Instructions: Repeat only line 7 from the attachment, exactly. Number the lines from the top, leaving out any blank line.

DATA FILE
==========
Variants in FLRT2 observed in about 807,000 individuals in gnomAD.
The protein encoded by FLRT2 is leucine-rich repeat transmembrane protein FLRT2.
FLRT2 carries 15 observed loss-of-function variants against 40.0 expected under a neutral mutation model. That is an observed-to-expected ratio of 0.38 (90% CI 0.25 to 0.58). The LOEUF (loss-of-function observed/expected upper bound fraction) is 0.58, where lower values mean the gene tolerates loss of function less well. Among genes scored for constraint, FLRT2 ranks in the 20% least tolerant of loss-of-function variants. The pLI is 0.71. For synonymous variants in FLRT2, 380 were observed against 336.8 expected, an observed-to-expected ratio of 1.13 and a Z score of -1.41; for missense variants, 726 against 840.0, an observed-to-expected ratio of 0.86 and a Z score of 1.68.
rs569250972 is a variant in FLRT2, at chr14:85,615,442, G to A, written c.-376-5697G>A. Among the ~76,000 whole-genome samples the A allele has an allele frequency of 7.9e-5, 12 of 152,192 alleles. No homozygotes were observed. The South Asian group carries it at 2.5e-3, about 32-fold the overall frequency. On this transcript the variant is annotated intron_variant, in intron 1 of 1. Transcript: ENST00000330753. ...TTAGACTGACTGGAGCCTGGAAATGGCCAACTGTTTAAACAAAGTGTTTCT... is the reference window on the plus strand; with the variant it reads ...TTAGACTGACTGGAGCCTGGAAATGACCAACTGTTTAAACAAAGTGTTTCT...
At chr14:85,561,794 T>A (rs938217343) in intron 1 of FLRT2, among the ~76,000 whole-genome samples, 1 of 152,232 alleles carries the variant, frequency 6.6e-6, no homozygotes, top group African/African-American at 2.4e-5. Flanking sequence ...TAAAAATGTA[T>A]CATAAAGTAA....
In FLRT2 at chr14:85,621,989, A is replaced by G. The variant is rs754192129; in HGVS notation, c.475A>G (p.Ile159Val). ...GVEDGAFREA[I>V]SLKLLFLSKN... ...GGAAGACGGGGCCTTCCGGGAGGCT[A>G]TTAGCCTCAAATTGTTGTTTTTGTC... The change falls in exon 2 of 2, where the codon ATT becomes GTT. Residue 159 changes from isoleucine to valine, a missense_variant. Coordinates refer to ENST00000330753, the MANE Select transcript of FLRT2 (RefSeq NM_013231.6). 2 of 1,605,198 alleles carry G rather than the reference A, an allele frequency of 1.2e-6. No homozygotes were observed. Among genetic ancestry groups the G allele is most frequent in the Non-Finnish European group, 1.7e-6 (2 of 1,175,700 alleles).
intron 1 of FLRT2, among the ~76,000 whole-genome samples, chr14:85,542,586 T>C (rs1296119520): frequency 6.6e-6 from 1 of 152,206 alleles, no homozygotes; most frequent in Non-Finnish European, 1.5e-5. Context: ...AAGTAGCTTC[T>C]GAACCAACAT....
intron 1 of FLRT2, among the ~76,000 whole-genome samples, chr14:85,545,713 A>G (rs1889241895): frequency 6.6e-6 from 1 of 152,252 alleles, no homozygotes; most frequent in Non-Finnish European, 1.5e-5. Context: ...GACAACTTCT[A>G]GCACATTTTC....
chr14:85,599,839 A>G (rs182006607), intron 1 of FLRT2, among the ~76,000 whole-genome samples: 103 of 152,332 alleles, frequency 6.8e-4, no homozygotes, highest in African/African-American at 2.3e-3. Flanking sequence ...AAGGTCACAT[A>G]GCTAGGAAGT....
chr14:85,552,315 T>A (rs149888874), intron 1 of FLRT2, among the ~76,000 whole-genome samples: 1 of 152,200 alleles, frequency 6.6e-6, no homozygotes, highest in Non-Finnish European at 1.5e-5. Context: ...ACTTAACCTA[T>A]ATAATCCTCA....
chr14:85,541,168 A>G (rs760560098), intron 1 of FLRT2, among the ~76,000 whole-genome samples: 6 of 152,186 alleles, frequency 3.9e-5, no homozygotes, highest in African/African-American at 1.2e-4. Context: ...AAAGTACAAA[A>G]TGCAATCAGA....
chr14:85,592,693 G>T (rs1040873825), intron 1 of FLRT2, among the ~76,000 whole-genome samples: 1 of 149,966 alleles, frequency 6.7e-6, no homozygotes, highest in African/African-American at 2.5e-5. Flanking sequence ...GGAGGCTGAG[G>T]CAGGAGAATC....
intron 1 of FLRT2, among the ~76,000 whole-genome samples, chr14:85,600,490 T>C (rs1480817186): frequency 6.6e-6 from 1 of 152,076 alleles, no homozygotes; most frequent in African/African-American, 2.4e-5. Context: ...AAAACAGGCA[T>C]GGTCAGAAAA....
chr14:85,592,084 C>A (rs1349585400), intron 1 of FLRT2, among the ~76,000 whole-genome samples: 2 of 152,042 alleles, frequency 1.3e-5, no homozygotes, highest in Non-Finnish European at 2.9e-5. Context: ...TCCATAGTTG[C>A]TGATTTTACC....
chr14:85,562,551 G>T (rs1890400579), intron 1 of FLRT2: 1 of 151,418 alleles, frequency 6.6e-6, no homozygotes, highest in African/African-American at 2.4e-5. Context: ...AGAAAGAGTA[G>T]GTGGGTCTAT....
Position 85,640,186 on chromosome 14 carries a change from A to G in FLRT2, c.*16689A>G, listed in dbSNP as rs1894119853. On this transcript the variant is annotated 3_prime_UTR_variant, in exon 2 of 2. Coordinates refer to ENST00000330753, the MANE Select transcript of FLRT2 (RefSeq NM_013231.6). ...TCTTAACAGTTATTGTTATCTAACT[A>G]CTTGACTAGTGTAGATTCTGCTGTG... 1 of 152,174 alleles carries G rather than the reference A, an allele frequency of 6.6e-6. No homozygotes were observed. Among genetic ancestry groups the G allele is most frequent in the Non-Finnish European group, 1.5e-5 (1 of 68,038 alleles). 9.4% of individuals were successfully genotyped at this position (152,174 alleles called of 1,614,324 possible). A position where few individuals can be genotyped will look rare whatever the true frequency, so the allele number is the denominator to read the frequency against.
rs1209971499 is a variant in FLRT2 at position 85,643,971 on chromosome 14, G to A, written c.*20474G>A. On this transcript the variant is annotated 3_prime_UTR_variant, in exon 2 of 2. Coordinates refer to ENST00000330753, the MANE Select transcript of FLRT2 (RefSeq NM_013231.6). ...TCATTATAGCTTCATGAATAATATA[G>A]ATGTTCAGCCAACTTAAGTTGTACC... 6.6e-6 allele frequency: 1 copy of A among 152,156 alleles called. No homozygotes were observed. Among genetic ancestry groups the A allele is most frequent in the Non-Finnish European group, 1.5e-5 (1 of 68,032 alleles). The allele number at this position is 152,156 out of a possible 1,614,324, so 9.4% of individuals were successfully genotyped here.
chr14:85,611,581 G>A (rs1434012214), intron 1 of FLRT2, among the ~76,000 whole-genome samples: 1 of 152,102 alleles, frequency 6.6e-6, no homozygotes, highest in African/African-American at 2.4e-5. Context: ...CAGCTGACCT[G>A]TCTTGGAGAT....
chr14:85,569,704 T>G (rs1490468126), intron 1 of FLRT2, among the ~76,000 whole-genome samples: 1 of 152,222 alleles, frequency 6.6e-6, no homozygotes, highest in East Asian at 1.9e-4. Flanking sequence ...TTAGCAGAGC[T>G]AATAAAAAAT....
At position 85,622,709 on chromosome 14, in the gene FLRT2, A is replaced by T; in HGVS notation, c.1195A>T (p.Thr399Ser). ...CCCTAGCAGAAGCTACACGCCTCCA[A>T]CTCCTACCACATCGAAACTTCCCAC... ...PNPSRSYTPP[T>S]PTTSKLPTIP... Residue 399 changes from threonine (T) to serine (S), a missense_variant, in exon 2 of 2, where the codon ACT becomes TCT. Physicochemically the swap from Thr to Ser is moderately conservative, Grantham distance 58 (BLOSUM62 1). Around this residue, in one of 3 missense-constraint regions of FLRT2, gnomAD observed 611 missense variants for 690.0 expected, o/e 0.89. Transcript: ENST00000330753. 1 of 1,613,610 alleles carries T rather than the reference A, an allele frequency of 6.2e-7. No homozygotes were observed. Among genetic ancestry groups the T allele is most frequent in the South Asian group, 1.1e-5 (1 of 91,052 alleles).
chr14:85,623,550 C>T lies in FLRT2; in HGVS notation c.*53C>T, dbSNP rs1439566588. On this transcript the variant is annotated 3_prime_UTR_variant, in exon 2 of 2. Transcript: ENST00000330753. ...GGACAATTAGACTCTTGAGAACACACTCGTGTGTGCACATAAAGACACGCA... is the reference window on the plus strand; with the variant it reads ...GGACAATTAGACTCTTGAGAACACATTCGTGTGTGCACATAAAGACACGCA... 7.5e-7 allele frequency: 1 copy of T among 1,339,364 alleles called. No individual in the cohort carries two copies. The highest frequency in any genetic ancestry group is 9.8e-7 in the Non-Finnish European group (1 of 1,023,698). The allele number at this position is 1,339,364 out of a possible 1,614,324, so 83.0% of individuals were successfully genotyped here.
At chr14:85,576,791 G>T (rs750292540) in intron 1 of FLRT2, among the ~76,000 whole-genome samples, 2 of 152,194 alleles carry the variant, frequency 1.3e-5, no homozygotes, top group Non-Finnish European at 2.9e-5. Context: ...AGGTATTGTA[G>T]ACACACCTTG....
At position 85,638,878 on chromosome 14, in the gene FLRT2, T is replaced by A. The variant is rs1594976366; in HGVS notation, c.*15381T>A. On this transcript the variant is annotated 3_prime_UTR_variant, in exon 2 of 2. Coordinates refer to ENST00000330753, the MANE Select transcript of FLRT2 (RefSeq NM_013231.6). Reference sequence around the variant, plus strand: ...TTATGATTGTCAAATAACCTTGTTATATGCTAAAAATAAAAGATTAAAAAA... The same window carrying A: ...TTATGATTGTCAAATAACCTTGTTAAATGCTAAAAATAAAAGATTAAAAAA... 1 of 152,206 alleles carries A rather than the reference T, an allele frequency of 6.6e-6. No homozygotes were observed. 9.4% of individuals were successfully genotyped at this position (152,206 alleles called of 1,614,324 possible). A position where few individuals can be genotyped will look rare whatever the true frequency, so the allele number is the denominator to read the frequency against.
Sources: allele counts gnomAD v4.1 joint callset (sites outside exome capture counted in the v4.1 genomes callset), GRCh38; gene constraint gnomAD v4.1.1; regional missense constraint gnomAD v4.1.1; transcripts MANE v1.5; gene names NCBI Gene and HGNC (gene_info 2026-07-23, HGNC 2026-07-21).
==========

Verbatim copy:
intron 1 of FLRT2, among the ~76,000 whole-genome samples, chr14:85,542,586 T>C (rs1296119520): frequency 6.6e-6 from 1 of 152,206 alleles, no homozygotes; most frequent in Non-Finnish European, 1.5e-5. Context: ...AAGTAGCTTC[T>C]GAACCAACAT....